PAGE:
By giving Hasan a platform where he can pose as a radical, pro-Shia and anti-establishment voice whilst at the same time espousing arguments that are disingenuous at best and actively serve the aims of those instigating the violence at worst, UMAA is (albeit unwittingly) doing Shias and the broader Muslim community a great disservice.
We therefore ask that UMAA review its speaker policy with regards to Hasan. Ideally we would like to see that he is not longer given a platform, however, if he is to speak again at an UMAA event, it is imperative that he is challenged on the underhand rhetorical and argumentative tricks he uses to obscure his true argument – that the persecuted are as much to blame for their persecution as those who are killing, raping, robbing and maiming them.
UMAA has been an undoubted force for good for many years. However, as the landscape changes, UMAA must adapt or risk being left behind.
At this critical time for the Muslim community in the USA, we would like to see a more muscular form of activism from UMAA. As such we were pleased to see that you have recently brought a lawsuit against Donald Trump’s Muslim ban for specifically targeting Shias. This is the form of activism that we would like to see in future but it is not consistent with giving an uncritical platform to apologists for Wahabi sectarian violence like Mehdi Hasan.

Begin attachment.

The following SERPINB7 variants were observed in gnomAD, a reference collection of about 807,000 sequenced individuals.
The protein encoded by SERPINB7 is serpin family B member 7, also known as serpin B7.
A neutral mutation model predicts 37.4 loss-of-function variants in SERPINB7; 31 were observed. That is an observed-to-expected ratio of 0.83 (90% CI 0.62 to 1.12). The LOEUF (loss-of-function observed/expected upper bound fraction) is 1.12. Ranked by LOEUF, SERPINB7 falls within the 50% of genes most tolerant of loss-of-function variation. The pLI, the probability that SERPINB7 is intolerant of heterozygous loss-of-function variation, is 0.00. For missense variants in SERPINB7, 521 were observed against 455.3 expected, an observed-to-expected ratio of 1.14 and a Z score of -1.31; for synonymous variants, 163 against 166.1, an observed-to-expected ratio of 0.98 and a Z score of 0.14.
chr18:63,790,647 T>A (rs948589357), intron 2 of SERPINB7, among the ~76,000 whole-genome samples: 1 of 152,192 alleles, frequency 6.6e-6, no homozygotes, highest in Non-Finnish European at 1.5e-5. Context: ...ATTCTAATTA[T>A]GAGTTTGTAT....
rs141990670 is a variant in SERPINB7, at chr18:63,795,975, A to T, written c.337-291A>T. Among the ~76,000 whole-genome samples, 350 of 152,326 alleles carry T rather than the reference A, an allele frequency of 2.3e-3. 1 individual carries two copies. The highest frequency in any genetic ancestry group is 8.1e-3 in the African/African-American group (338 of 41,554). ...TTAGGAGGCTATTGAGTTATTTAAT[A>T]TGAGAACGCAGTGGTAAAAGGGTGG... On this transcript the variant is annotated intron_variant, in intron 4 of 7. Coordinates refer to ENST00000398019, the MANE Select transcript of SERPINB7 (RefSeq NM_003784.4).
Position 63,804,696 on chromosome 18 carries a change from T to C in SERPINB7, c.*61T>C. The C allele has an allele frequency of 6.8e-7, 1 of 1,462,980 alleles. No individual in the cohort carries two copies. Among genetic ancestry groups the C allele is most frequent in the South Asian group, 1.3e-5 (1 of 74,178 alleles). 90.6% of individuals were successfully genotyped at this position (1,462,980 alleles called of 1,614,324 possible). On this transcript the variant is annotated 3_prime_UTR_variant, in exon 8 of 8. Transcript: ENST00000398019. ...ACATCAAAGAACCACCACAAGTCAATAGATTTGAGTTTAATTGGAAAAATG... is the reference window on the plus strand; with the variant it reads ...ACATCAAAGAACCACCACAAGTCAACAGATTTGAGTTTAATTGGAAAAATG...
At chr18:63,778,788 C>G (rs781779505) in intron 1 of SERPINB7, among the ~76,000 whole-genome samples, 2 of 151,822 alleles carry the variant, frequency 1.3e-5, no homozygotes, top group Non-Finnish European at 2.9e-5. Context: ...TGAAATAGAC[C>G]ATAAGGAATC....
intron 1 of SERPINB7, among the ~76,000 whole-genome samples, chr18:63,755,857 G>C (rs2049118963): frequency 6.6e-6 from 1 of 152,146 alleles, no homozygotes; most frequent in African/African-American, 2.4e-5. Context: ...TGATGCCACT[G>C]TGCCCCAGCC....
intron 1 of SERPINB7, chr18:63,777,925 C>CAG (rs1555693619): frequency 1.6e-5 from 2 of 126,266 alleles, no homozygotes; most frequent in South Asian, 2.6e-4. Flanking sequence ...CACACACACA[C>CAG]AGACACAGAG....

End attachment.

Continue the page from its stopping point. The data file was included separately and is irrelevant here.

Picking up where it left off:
The North American Shia community is increasingly assertive and politically aware. They are no longer happy to stand as part of a ‘unity coalition’ with other Muslims when that unity involves turning a blind eye to the supporters and funders of takfirism and terror. Fifteen years of failed unity policies have taught today’s media-savvy, internationally connected generation that we cannot engage with our fellow Muslims or the rest of the world from a position of weakness or embarrassment at our sacred history and practices.
The WSF Team